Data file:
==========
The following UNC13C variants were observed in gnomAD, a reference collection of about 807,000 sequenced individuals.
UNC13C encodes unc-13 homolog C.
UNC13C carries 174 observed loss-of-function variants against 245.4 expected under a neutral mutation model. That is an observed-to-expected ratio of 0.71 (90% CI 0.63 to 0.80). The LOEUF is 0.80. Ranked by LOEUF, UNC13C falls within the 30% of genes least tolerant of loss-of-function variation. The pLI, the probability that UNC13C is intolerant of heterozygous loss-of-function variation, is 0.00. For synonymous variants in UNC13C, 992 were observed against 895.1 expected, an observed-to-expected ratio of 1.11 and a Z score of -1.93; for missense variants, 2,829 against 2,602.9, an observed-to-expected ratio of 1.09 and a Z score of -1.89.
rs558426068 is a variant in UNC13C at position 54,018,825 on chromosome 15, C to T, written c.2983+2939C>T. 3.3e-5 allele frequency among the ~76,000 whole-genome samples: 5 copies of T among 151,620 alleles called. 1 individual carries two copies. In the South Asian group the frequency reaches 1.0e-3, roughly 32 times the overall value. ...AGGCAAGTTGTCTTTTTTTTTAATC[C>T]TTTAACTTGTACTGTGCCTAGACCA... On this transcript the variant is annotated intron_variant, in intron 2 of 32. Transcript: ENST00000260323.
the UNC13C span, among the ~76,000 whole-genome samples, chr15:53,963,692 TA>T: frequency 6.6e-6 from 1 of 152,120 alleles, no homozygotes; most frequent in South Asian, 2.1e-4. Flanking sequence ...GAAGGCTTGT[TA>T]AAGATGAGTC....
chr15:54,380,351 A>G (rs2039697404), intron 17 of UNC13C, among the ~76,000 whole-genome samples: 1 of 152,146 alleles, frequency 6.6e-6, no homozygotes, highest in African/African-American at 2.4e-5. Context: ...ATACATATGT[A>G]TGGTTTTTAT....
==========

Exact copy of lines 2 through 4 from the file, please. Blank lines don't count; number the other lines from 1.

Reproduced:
UNC13C encodes unc-13 homolog C.
UNC13C carries 174 observed loss-of-function variants against 245.4 expected under a neutral mutation model. That is an observed-to-expected ratio of 0.71 (90% CI 0.63 to 0.80). The LOEUF is 0.80. Ranked by LOEUF, UNC13C falls within the 30% of genes least tolerant of loss-of-function variation. The pLI, the probability that UNC13C is intolerant of heterozygous loss-of-function variation, is 0.00. For synonymous variants in UNC13C, 992 were observed against 895.1 expected, an observed-to-expected ratio of 1.11 and a Z score of -1.93; for missense variants, 2,829 against 2,602.9, an observed-to-expected ratio of 1.09 and a Z score of -1.89.
rs558426068 is a variant in UNC13C at position 54,018,825 on chromosome 15, C to T, written c.2983+2939C>T. 3.3e-5 allele frequency among the ~76,000 whole-genome samples: 5 copies of T among 151,620 alleles called. 1 individual carries two copies. In the South Asian group the frequency reaches 1.0e-3, roughly 32 times the overall value. ...AGGCAAGTTGTCTTTTTTTTTAATC[C>T]TTTAACTTGTACTGTGCCTAGACCA... On this transcript the variant is annotated intron_variant, in intron 2 of 32. Transcript: ENST00000260323.